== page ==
I don’t trust easily these days. Life has been blinding, littered with betrayal from the last place I would have ever suspected it, and life has been steeped in emotional trauma.
How does a parent trust this world where danger and sexual addictions abound? How do we safeguard our children?
Hindsight has been beneficial for planning how to protect but there is no full proof way to keep child predators at bay.
I’ve had a couple of occasions the last few years where my, ‘Abuser Radar Alert,’ made the hair stand up on the back of my neck.
The first: When a man I met for the first time asked if he could sit in my house and watch my daughter, whom he had never met, play the piano since he, 1) Heard me say she plays the piano and 2) He enjoys listening to piano music. Seriously…NO! The man may have been innocent in his asking but for this momma it came across as CREEPY.
The second: When a man I had never met, but who had met my boys at an extra-curricular activity, invited my boys to his house. He was an older man with no children left at home. He told my boys that the next time their mom needed to go shopping or the next time their parents needed to go out, they could stay at his house with him to play and swim.
Since my history includes once upon a time being married to a pedophile pastor who used the ministry to gain employment granting him immediate leadership access to potential victims, my radar is at high alert over such propositions.
My boys thrilled at the prospect of swimming; what a fun invitation to receive!
It never happened.
I’m all about having fun, in fact; one of the questions I always have when my kids are through with an activity, or are finished visiting with a friend, is if they had fun. Fun is important to me; always has been. But fun doesn’t necessarily equate with safe or beneficial.
Here are a few questions I have learned to ask over the years. I’ve been known to ask these questions after play dates, youth group, extracurricular outings and even after church on Sundays. I don’t ask every question after each encounter and I don’t question each activity. I ask these questions so casually that I don’t know if my kids are aware of my motives. New people, places and activities are held to a higher level of interest while family, friends and regularly scheduled activities are randomly questioned. This is where the greatest vulnerability can lie; most molestation acts do not involve stranger danger, they are the result of a close family member or friend who gained trust and access to the child. Single moms’ children tend to be the biggest targets for such predators; but not the only targets.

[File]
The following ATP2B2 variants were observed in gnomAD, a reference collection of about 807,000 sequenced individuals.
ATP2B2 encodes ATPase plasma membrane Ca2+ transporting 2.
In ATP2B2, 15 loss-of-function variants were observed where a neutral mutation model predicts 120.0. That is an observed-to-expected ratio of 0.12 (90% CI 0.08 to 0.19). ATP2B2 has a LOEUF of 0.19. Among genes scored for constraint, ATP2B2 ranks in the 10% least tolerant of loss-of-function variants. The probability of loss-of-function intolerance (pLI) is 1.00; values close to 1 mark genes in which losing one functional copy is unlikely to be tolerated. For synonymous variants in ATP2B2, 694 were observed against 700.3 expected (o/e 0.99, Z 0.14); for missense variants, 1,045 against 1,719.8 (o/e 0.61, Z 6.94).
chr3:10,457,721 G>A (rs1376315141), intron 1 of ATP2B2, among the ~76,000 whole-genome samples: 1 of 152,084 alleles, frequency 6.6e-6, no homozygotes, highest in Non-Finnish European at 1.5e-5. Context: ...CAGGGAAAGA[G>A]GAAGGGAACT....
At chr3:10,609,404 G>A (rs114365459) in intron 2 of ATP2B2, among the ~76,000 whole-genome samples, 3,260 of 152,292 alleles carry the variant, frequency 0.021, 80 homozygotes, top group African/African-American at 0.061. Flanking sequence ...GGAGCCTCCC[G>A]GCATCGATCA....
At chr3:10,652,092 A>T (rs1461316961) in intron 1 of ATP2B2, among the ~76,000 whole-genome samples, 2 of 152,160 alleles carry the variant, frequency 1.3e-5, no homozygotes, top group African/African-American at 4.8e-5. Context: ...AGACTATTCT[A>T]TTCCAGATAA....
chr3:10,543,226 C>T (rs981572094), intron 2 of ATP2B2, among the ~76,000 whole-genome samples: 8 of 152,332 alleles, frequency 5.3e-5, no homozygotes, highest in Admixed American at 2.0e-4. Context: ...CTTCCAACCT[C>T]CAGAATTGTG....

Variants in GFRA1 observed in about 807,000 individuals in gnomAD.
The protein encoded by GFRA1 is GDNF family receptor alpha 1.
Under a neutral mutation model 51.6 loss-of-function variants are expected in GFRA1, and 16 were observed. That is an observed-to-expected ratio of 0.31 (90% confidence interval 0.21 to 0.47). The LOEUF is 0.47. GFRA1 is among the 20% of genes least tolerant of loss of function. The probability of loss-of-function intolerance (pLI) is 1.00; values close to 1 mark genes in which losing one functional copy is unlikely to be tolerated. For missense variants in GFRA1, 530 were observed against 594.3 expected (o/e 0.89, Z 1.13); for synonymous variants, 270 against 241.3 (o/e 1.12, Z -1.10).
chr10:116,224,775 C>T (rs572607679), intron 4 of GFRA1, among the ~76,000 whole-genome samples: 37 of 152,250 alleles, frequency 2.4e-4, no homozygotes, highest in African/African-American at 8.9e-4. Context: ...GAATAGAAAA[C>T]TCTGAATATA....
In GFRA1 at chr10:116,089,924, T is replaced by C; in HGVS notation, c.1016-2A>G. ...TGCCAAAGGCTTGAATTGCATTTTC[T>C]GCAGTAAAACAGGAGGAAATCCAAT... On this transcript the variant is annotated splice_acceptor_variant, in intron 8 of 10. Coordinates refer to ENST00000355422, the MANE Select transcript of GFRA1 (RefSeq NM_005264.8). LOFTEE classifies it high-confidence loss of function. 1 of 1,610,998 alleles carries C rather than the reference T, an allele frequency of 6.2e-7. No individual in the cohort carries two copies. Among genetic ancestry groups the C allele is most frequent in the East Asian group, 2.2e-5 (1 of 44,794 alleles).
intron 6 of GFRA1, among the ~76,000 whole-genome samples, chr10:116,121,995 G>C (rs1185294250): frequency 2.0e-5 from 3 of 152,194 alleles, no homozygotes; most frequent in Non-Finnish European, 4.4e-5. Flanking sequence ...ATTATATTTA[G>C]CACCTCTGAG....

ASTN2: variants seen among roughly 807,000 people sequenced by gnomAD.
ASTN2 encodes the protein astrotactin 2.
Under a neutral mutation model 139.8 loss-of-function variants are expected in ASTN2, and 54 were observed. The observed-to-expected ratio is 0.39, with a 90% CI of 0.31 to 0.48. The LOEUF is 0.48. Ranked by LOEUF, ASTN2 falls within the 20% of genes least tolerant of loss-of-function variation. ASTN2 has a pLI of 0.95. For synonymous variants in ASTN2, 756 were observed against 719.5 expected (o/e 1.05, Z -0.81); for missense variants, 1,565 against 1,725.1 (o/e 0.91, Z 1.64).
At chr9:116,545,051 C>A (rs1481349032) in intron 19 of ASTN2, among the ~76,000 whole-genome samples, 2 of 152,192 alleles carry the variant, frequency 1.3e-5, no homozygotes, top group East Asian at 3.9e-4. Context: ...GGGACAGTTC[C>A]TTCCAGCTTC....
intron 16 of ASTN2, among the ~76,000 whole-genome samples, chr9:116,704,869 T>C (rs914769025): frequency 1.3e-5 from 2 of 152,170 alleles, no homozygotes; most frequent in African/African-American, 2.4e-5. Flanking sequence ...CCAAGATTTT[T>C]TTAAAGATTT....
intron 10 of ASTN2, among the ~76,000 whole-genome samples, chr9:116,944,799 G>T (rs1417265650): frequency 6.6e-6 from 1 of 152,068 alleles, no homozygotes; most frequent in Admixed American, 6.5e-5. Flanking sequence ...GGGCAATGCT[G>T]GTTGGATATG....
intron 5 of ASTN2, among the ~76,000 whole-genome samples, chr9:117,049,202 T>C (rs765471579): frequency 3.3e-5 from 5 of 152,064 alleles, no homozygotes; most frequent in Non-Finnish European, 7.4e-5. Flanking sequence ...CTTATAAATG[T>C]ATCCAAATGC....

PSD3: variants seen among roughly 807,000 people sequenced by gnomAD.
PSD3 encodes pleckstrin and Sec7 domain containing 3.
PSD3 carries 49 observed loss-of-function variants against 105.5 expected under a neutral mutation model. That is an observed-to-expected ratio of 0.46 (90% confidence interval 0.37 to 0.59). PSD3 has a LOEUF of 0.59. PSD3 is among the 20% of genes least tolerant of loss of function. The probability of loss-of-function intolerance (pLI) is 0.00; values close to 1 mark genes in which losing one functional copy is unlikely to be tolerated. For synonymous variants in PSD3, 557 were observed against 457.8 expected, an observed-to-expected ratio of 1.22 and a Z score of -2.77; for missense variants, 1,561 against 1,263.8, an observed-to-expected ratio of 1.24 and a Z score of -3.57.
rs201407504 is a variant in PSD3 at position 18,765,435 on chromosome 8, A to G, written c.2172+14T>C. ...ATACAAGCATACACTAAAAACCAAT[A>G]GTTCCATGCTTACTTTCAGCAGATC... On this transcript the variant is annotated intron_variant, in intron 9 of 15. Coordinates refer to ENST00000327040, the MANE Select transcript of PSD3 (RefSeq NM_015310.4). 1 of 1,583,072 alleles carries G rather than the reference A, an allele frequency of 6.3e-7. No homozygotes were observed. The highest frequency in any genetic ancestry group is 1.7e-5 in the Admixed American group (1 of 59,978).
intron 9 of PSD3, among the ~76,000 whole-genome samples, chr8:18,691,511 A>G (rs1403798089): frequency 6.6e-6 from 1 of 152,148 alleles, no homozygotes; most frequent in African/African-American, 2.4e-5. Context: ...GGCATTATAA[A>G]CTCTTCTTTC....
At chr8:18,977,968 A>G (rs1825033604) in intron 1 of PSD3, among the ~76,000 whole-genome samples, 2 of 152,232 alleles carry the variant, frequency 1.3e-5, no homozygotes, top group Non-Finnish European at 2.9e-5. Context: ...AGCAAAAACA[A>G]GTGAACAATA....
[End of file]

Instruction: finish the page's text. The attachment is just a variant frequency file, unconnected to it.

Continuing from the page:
I do not ask my children questions in the presence of other people. This ensures my children feel secure in speaking their heart and mind.
QUESTIONS FOR CONVERSATION:
What did you do at the event?
What was your favorite activity or part of your visit?
Was there anything you didn’t like or anything that made you feel uncomfortable? (This is a good time to reinforce that children do not have to obey everything an adult tells them to do.)
Did you feel safe? (I’ve been asking this questions since my boys were wee little things.)
Tell me something you liked about the adult/s in charge? Was there anything you disliked?
Is there anything interesting about a helper or kid that you can tell me?
Is there any reason you would not want to go back there again?
Did anyone ask you to keep a secret today?
Did anyone show you something on their iPhone or iTouch that was inappropriate?
Do you have questions about anything that happened?
Did you understand everything that was said or that was asked of you?
Is there anything you want to tell me about your visit today?
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The next 2 questions I reserve for stranger danger and body/health educational teaching at home:
Has anyone ever touched you in your private places or asked to touch you in your private places?
Has anyone ever shown you their private places or asked you to show them your private places?
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When at a private residence or at public places with public restrooms my kids know the rule: 1 person per bathroom/stall, and to never hesitate screaming for help if someone makes them feel uncomfortable.
You never know who has an attraction to children or who has a sick abusive desire on which they plan to act. It could be a trusted adult or it could be a close friend. Sadly, we never know if a friend, cousin or relative has abused or taught a child something they should not know that could be passed on to your child.
If your child has an answer that concerns you or startles you; always believe the child! Children rarely lie about childhood victimization.
DO NOT approach or question the accused and keep your child out of the accused’s presence. Call the child abuse hotline (1-800-4-A-CHILD) or call your local authorities. Professionals will know how to legally investigate your child’s allegations. You would not want to jeopardize the case being thrown out of court due to leading the witness with wrong lines of questioning.
Seek medical attention from the child’s doctor or at the emergency room to find out if he or she was physically harmed. Creating a paper trail will be very important in seeking justice.
Find a licensed counselor to guide your child through the psychological trauma of abuse and victimization which will continue beyond the physical trauma. Ongoing therapy for coping and healing is a must.
There is wisdom in asking questions at the right time.
Listen and learn from your children.